I accepted and began researching about Morel in general. I didn't know what I was really looking for but I googled what I could and had an initial phone conversation with Jason a few days later. He knew I had no sales training and there was a lot of work to be done but he gave me 24 hours to gather as much information about the company as I possibly could and have a second video call about what I found. When I say I researched... I RESEARCHED literally from the time we got off the phone at 8am until midnight that night. I immediately got on LinkedIn and starting messaging people within the company asking questions, I called a few of the reps that I could find and were willing to tell me what I should know, I printed pages of notes from the story behind Morel to the frames I liked that I found online. The next day I went on my lunch break and had the phone interview with Jason notes in hand and nervous as hell. 
 
I thought it went well but I knew there were some others interviewing as well so when I didn't hear back the next day I sent a thank you message for the opportunity and expressed gratitude for the chance to interview for a position like this and went back to work. The weekend went by and Monday morning came as usual, as I pulled into the parking lot my phone rang and it was Jason. I figured he was calling to tell me I didn't get the job but I was SHOCKED when he said he wanted me to come on board. I literally thought to myself "is he sure he called the right person?" but I was so excited I ran into the building and burst into happy tears. All of my hard work and persistence paid off and I began my journey as an official frame rep.

+Why rep for Morel?
 
I knew nothing about Morel until July 2020. Being a smaller lesser known company the brand isn't a household name like Gucci or Ray-Bans. The week I was hired I was sent a mountain of information to review and learn. I quickly learned to story of Morel and was blown away by the brand. Morel is an independent family owned company deeply rooted in French eyewear since 1880. Their whole brand is built around family. Morel is everything I want to represent in a company. The frame quality speaks for itself, we cater to those who wish to be different, and you will never find a cookie-cutter style frame in our lines.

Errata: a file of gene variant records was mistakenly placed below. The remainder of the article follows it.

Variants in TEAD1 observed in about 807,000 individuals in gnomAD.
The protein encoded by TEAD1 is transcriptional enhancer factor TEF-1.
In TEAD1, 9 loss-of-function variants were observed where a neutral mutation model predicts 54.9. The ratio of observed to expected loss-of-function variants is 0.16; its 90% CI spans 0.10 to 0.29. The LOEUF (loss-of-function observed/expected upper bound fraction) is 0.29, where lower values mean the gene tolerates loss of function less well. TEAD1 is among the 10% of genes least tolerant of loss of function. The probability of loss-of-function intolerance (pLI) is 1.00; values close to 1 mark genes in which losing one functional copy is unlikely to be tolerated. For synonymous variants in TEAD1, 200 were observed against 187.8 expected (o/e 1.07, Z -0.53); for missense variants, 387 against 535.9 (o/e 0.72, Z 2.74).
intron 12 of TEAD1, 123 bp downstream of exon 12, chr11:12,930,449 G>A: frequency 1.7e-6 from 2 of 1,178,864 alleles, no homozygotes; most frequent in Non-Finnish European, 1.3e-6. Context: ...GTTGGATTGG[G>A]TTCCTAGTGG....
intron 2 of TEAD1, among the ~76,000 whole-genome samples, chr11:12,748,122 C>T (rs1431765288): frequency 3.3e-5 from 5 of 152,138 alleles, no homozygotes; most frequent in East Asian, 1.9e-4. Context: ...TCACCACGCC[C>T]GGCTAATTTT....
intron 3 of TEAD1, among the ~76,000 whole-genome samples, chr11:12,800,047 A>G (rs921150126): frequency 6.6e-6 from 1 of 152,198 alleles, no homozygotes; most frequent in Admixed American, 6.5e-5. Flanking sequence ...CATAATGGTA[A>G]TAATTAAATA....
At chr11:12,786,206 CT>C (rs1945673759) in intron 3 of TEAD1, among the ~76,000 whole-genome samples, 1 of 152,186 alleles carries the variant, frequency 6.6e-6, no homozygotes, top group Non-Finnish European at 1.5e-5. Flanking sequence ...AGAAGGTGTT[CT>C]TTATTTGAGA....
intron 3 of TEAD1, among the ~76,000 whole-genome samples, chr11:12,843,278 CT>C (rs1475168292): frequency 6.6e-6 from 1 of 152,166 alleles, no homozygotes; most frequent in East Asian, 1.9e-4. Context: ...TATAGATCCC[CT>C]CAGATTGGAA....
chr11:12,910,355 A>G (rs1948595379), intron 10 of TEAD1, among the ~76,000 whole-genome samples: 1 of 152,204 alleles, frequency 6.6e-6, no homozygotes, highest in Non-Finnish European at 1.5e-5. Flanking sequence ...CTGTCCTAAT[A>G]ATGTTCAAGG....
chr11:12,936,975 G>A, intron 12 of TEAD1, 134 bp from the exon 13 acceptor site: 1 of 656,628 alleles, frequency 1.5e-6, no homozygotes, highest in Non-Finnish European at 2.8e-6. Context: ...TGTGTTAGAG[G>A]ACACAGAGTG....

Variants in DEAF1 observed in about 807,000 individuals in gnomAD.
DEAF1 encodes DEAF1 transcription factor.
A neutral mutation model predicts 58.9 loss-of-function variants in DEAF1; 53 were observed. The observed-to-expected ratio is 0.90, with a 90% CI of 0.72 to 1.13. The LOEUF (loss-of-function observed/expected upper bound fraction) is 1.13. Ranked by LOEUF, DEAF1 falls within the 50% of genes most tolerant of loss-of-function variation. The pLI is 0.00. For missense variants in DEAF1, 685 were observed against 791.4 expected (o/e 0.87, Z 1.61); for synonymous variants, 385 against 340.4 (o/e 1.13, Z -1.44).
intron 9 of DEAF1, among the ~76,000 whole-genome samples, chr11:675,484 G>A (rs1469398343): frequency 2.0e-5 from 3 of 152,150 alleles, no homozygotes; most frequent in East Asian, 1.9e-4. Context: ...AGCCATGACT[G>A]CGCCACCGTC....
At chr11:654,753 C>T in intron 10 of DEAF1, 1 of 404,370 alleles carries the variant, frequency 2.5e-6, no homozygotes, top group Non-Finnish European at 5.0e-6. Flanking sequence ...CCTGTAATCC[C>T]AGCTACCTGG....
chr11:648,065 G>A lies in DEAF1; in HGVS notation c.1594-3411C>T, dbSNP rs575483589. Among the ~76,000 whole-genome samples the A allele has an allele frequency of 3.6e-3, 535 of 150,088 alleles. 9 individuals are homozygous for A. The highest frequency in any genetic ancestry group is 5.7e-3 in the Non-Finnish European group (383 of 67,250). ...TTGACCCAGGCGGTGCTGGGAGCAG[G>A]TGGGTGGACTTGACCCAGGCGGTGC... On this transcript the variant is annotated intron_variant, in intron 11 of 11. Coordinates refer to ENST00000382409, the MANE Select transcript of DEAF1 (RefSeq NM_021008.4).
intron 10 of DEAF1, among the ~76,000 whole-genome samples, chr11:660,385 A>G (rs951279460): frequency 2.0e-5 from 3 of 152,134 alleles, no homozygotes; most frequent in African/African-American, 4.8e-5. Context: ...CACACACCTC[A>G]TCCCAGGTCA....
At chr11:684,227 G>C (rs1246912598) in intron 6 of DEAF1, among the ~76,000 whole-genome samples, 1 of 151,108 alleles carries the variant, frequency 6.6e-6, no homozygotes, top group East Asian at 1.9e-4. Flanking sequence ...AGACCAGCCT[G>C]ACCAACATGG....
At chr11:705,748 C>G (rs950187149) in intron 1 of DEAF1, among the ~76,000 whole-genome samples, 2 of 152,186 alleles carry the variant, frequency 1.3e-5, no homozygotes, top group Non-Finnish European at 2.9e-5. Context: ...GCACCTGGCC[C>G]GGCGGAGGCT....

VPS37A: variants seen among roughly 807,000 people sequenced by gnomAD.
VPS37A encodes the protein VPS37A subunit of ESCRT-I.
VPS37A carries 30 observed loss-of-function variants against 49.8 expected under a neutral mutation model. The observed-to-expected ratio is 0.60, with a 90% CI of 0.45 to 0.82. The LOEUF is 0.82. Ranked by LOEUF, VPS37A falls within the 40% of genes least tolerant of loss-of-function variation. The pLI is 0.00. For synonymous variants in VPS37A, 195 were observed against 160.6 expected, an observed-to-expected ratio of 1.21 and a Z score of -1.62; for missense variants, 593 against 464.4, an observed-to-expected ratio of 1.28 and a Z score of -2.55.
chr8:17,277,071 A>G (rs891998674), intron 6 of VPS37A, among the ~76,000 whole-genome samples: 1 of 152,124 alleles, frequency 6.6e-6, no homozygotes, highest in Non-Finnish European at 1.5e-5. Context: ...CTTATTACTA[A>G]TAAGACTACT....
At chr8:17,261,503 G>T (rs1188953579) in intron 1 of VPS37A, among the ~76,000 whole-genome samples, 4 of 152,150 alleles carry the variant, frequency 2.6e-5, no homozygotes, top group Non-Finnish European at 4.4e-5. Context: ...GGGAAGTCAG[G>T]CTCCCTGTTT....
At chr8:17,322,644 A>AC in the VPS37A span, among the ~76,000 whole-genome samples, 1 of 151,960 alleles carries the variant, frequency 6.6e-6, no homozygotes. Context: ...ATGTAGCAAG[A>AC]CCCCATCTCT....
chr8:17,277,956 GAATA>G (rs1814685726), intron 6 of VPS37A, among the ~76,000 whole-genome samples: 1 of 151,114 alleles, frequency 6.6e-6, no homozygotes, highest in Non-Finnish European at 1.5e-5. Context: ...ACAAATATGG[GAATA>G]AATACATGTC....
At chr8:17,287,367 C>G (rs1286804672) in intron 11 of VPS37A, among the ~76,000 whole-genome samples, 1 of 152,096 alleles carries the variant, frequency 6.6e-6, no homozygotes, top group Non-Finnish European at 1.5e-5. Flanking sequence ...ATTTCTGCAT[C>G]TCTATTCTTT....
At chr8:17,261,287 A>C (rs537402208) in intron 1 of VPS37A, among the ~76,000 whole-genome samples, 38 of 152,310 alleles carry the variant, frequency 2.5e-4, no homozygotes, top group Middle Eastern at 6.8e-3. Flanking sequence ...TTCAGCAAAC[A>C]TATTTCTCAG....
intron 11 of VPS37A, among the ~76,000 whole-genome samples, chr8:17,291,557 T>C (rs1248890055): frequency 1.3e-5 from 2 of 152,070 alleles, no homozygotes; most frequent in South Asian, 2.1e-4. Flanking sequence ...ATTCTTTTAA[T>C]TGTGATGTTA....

+What is your approach when helping an office decide on what frames to bring in?
 
I always like to start with asking "What do you feel you are missing in your office?" whether it's mens styles, colorful women's frames, or budget friendly frames we have something for everyone. I like to take a look at what an office carries in their other collections and offer them something completely opposite first. I like to ask who their patients and customers are as individuals. I enjoy discussing how the frames make them feel as they view our products. I understand that what works for one office isn't always good for the other but I try to find a good balance between encouraging an office to branch out a little further with our products because you never know what someone is looking for when they walk through the door to buy glasses.

+What do you wish more offices were aware of when it comes to their reps?
 
That we aren't there to bother you. Sometimes I feel like an inconvenience when I ask to come into an office to check on their stock or make an appointment to show you new frames. I spend more time leaving messages for people every day than actually speaking to someone. Communication isn't hard and is key for a good relationship in every aspect of life. For some reason there's a stigma around reps and I don't know why or how it began. Maybe it has to do with "sales" in general but that is something I want to break free from. I am not a salesperson trying to make a dollar off of a crummy product. I am a professional working with other professionals to ensure patients have the ability to see, look, and feel their best when wearing our products.